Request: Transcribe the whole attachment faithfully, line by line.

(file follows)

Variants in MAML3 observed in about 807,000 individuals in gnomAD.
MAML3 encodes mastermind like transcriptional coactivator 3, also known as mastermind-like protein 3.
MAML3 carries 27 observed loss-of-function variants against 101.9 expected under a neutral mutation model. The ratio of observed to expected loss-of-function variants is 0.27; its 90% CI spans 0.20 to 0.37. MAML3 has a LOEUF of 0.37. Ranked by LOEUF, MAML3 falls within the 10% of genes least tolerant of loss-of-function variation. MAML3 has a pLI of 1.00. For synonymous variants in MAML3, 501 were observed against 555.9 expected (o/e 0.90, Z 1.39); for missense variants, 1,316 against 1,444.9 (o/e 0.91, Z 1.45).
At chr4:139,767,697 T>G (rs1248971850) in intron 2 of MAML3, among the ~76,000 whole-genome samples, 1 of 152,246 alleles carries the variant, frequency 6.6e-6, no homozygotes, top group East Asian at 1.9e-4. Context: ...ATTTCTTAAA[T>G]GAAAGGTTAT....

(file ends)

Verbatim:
Variants in MAML3 observed in about 807,000 individuals in gnomAD.
MAML3 encodes mastermind like transcriptional coactivator 3, also known as mastermind-like protein 3.
MAML3 carries 27 observed loss-of-function variants against 101.9 expected under a neutral mutation model. The ratio of observed to expected loss-of-function variants is 0.27; its 90% CI spans 0.20 to 0.37. MAML3 has a LOEUF of 0.37. Ranked by LOEUF, MAML3 falls within the 10% of genes least tolerant of loss-of-function variation. MAML3 has a pLI of 1.00. For synonymous variants in MAML3, 501 were observed against 555.9 expected (o/e 0.90, Z 1.39); for missense variants, 1,316 against 1,444.9 (o/e 0.91, Z 1.45).
At chr4:139,767,697 T>G (rs1248971850) in intron 2 of MAML3, among the ~76,000 whole-genome samples, 1 of 152,246 alleles carries the variant, frequency 6.6e-6, no homozygotes, top group East Asian at 1.9e-4. Context: ...ATTTCTTAAA[T>G]GAAAGGTTAT....